Tick … tick … tick … tick … tick
Time is running out for Pennsylvania’s 501 school districts to opt into Act 72 — the shabby excuse for tax relief that Gov. Ed Rendell and the highest-paid state legislature in the country palmed off on the residents of Pennsylvania.
Monday is the deadline to opt in to the program. So far, an overwhelming majority of school districts have opted out of Act 72, a bold move considering the biggest complaint most residents have is about high property taxes.
As of Friday afternoon, 318 districts opted out of Act 72, while just 96 opted in. That’s a better than 3-1 margin against Act 72.
And what does our fearless governor have to say about the snub of his tax-relief plan by such a large number of school board members, many of whom are Democrats?
Rendell says it was a mistake to give school boards a choice in the matter. If he had to do it over again, he would drag the rebellious school board members kicking and screaming into Act 72.
"It's enormously frustrating to me that the school boards haven't seen or recognized what we've tried to do here," Rendell told The Associated Press last week.
But school boards have seen all too well and understand exactly what Act 72 means for their districts: a slim chance at token tax relief years from now if gambling revenues reach a certain dollar amount, while handcuffing elected representatives with back-end referendums that forces them to go to voters every time they need to hire teachers, expand buildings or add programs.
Not withstanding the flaws of Act 72, many school boards have a basic moral problem with funding public education through gambling revenues.
"To prey on the weak and elderly to raise funds that may be returned to them at a later date seems fundamentally and morally wrong, Owen J. Roberts School Board President Barbara L. McMeekin told The Mercury. "In order to receive a few hundred dollars in tax relief per household, each person must lose over $900. People who try to pull off that kind of scam in day-to-day living are known as con artists."
"This is a sham to promote gambling. And that’s it plain and simple," Paul Farmer, a school board member in the Wallingford-Swarthmore School District, told The (Delaware County) Daily Times.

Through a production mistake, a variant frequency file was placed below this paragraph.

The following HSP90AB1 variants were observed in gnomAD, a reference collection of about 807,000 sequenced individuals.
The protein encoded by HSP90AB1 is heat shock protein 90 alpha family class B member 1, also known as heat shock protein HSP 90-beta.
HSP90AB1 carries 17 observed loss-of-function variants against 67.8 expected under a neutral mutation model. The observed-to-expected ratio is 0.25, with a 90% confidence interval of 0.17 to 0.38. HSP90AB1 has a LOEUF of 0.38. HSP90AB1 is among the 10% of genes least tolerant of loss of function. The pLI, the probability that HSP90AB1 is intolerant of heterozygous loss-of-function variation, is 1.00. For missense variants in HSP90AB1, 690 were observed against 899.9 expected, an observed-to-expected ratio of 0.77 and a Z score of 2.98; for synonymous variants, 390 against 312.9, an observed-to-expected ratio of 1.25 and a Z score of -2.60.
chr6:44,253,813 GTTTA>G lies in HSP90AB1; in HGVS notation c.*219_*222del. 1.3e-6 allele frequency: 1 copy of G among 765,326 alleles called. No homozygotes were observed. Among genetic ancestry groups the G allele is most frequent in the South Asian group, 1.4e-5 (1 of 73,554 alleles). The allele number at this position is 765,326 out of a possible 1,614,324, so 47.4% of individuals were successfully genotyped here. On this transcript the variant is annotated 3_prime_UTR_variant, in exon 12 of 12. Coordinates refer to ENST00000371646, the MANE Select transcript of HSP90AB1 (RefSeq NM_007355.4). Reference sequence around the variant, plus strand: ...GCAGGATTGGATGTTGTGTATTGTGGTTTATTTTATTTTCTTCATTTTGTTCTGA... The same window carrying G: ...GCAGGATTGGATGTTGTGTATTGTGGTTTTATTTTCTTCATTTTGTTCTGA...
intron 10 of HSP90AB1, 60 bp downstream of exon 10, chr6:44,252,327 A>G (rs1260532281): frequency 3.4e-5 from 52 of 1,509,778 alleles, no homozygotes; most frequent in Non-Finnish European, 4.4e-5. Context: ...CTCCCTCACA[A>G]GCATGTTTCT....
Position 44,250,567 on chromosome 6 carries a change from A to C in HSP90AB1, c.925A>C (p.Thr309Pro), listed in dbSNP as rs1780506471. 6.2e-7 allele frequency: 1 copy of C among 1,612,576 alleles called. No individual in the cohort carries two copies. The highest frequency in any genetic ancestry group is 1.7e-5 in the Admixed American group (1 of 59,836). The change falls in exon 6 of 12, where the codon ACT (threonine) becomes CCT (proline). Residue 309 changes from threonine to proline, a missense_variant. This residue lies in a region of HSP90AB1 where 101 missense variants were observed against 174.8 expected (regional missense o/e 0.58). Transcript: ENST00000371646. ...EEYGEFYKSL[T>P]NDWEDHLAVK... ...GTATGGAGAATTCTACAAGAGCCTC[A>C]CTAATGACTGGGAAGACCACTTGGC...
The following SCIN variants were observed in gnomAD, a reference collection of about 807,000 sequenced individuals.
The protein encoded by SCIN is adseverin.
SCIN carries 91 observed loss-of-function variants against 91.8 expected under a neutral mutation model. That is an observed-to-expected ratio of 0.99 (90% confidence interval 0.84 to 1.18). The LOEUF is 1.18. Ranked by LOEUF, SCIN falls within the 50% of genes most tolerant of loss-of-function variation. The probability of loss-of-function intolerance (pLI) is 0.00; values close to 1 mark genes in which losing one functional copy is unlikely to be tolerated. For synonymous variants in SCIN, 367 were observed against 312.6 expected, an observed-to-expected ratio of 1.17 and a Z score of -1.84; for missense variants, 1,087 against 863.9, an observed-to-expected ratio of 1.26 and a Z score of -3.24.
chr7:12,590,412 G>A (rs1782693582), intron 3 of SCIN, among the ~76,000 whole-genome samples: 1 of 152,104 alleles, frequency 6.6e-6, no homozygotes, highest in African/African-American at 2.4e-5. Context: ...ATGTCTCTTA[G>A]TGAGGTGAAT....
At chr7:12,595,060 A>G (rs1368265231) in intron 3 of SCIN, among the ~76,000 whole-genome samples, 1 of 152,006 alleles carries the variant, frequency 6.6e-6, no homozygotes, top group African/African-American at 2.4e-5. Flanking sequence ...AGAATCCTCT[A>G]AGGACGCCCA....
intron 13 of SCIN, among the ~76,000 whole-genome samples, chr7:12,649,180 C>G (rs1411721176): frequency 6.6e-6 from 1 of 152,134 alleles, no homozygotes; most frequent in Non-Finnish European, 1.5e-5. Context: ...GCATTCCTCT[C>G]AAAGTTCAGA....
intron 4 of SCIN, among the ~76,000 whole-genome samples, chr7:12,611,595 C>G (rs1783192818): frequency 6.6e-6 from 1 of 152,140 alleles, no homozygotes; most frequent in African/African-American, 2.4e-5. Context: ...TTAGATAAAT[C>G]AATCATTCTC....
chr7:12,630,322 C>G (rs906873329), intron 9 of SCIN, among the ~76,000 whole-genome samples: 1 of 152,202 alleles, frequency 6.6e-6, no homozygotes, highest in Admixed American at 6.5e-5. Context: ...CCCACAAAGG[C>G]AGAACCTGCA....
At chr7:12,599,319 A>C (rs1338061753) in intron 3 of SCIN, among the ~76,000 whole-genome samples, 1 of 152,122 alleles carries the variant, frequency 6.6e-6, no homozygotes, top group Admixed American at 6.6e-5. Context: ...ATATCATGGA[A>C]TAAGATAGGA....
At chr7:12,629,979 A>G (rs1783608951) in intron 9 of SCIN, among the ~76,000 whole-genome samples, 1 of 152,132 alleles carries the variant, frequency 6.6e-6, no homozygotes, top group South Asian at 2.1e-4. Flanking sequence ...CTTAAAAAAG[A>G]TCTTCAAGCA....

It’s not just gambling that upsets school officials. It’s the smorgasbord of deficiencies in the law. Politicians threw everything but the kitchen sink into Act 72.
Wallingford-Swarthmore School District board member Jon Auritt likened Act 72 to a "Frankenstein" monster.
"What (Act 72) turned out to be was a concoction of gobbledygook in need of an extreme makeover," Auritt was quoted as saying in The Daily Times.
Rendell can hold his breath until he’s blue in the face, but he will never persuade local school officials that Act 72 is anything more than political trickery.
"As far as the hollow tax relief promised by opting into Act 72, most of OJR's residents will pay more in taxes, not less, because they will lose in income tax increases what is gained in property tax reductions," Karen L. Zelley, vice president of the Owen J. Roberts School Board, told The Mercury.
It appears school board members have done their homework on Act 72 and the more they know about it, the less there is to like.
Weatherly Area School Board member Gary J. Makuch told The Morning Call in Allentown that he attended four meetings on the 108-page law and spent about 100 hours analyzing it, but still found it confusing.
"Act 72 is the worst piece of legislation I have seen," Makuch was quoted as saying in The Morning Call.
Rendell has spent much political capital pushing this sorry piece of legislation. He’s lost a lot of support from the traditional Democratic base in the education community. Rendell’s potential GOP opponents in 2006 will certainly exploit the governor’s blind obedience to such a bankrupt scheme.
And here’s something Rendell and his cronies in Harrisburg don’t want you to know: Experts say there about 9 million Pennsylvania residents eligible to gamble, and to reach the $1 billion mark in revenue that Rendell says will result in tax relief for school districts, some $3 billion must be lost at the slots, averaging more than $300 per gambler. But less than 10 percent of those eligible gamble on a regular basis. That means each gambler must lose an average of $3,120 at the slots every year to fully fund the property-relief plan. And the payout? Around $250 to $300 per household. Talk about a sucker’s bet.
Perhaps, it’s a pigheaded governor who hasn’t "seen or recognized" the flaws of Act 72. It might take a wake-up call in 2006 — when Rendell is tossed from office by voters — for the message to finally sink in.
E-mail Tony Phyrillas at email@example.com